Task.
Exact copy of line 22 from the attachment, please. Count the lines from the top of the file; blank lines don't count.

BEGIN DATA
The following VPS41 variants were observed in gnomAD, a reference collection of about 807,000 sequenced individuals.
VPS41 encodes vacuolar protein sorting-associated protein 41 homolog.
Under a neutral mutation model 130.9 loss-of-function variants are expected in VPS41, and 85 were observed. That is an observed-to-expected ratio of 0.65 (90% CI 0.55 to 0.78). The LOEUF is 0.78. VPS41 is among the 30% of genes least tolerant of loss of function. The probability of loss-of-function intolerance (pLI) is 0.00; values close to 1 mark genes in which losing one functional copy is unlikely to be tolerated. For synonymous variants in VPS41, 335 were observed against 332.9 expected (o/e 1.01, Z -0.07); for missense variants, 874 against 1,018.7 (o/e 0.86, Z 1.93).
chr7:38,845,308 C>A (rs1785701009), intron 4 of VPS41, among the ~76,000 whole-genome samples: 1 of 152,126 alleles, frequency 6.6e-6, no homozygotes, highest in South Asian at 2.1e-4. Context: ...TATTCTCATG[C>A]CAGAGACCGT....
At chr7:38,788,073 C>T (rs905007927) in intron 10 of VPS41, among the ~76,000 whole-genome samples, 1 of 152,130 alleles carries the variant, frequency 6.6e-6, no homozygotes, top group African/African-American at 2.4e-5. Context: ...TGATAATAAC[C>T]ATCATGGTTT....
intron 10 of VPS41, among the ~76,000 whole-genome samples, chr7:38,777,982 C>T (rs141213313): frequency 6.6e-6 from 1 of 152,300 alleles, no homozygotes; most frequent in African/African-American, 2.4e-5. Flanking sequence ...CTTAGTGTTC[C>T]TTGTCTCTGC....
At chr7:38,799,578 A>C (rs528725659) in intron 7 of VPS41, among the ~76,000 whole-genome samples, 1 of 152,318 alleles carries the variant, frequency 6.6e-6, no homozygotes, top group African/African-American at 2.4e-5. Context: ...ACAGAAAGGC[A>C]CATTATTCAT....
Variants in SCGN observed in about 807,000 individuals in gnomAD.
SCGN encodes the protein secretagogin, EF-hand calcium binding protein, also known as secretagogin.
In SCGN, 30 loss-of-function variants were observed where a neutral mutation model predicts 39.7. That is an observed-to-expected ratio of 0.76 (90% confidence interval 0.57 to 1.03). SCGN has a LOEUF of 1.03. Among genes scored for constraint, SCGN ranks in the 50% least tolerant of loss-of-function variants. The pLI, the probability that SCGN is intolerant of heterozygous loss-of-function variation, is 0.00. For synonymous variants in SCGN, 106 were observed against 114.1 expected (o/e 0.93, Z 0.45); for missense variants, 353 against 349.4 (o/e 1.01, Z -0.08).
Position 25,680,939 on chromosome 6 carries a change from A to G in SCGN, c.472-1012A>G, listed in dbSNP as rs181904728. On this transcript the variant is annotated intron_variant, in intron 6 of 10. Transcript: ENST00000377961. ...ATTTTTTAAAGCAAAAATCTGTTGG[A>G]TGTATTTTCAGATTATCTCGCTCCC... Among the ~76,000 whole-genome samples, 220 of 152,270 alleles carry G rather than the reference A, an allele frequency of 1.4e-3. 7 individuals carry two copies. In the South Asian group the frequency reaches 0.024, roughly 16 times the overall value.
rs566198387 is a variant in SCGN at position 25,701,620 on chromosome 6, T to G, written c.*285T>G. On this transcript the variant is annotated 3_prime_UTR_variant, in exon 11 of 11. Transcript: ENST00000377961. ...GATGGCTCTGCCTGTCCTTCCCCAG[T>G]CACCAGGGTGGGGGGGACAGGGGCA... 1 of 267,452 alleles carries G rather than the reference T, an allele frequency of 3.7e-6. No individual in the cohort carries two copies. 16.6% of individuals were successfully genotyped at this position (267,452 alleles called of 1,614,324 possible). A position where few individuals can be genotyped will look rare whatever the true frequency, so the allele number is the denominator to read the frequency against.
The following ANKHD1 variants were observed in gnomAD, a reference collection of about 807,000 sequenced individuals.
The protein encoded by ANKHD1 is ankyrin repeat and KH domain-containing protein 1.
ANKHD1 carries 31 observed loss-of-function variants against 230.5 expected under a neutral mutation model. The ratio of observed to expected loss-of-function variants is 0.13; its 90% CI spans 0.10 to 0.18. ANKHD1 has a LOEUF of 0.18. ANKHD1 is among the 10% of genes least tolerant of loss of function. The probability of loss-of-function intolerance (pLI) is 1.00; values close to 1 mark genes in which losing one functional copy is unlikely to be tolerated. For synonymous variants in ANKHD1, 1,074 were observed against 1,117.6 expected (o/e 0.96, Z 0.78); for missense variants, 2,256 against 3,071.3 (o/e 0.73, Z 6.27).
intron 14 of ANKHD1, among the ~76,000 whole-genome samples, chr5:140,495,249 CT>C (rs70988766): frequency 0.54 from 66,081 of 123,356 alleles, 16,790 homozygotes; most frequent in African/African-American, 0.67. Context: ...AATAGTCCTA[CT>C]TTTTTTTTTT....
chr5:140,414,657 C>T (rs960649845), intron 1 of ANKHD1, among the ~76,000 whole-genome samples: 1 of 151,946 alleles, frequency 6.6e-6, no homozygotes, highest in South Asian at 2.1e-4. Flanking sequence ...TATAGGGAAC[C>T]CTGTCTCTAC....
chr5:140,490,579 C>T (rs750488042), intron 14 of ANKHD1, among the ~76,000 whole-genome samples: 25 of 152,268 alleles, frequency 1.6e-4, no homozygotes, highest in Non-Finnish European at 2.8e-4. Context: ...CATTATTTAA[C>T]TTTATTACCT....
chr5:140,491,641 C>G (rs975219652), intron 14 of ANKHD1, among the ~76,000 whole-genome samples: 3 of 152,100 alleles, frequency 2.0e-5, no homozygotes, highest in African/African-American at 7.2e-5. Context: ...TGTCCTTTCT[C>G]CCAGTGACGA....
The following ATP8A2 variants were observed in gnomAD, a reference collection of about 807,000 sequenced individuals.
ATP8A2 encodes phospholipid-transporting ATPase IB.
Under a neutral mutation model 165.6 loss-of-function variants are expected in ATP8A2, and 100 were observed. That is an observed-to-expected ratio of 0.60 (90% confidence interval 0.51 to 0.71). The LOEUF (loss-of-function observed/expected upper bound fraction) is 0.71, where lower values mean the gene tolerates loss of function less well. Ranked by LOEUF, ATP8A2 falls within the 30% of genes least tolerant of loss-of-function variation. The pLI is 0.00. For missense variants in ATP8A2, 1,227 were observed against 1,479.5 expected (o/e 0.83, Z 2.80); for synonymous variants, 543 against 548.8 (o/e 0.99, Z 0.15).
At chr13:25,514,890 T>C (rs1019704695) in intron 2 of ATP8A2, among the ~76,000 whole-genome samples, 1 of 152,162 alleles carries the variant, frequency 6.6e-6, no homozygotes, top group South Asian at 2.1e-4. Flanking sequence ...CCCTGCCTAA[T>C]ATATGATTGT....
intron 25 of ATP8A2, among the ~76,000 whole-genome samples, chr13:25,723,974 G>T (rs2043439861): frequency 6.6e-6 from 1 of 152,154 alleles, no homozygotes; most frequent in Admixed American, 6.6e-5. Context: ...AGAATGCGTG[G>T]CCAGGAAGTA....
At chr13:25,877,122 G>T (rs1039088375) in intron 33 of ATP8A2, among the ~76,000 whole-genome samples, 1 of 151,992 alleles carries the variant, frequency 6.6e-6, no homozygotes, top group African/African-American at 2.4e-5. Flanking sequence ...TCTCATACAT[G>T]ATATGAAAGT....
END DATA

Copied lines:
Under a neutral mutation model 165.6 loss-of-function variants are expected in ATP8A2, and 100 were observed. That is an observed-to-expected ratio of 0.60 (90% confidence interval 0.51 to 0.71). The LOEUF (loss-of-function observed/expected upper bound fraction) is 0.71, where lower values mean the gene tolerates loss of function less well. Ranked by LOEUF, ATP8A2 falls within the 30% of genes least tolerant of loss-of-function variation. The pLI is 0.00. For missense variants in ATP8A2, 1,227 were observed against 1,479.5 expected (o/e 0.83, Z 2.80); for synonymous variants, 543 against 548.8 (o/e 0.99, Z 0.15).